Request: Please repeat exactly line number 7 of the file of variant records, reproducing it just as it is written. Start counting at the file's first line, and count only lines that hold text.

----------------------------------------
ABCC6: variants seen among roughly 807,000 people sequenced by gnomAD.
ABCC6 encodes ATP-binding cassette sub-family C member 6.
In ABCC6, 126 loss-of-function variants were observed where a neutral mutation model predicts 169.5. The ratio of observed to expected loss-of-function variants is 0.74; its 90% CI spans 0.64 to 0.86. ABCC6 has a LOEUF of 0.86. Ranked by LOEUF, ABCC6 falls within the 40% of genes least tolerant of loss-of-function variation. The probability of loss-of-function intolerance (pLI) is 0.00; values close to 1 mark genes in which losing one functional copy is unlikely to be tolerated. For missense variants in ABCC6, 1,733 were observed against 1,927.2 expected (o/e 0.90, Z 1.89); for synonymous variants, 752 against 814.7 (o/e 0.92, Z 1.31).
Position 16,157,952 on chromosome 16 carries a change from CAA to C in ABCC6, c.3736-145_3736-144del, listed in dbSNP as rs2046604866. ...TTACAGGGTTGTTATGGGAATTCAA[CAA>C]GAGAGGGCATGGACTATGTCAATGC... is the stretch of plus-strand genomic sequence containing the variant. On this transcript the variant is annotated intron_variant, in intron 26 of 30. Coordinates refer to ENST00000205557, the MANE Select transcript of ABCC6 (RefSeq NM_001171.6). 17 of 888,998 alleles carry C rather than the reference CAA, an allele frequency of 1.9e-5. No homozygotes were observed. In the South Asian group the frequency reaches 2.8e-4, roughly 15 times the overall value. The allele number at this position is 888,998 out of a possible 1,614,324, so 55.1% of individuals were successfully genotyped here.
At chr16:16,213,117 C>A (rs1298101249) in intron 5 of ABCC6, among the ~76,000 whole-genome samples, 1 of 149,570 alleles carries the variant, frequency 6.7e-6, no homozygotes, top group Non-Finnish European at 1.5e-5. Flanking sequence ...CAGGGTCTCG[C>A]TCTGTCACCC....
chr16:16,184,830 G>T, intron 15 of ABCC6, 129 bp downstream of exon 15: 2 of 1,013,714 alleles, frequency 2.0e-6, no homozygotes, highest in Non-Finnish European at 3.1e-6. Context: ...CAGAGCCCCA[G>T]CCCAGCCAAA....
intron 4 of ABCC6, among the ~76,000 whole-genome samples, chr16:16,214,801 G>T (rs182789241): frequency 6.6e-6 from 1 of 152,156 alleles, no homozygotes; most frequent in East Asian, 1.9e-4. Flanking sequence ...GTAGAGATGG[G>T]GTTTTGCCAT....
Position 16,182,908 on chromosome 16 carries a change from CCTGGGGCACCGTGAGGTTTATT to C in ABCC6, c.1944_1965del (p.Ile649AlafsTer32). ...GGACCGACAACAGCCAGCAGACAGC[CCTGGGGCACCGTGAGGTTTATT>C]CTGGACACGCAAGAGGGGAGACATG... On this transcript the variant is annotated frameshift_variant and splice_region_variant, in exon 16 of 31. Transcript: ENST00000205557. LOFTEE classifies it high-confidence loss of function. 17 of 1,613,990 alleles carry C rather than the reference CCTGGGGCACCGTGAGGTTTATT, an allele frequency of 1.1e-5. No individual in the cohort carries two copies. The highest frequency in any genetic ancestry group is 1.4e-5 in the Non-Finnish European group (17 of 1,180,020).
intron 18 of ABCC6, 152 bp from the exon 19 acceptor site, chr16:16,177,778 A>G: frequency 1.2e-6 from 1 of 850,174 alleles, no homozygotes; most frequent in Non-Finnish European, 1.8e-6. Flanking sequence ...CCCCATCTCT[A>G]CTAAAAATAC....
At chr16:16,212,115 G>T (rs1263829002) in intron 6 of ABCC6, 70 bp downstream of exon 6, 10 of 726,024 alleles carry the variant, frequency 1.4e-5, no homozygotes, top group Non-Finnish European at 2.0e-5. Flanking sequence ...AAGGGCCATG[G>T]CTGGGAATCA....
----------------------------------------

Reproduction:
intron 4 of ABCC6, among the ~76,000 whole-genome samples, chr16:16,214,801 G>T (rs182789241): frequency 6.6e-6 from 1 of 152,156 alleles, no homozygotes; most frequent in East Asian, 1.9e-4. Flanking sequence ...GTAGAGATGG[G>T]GTTTTGCCAT....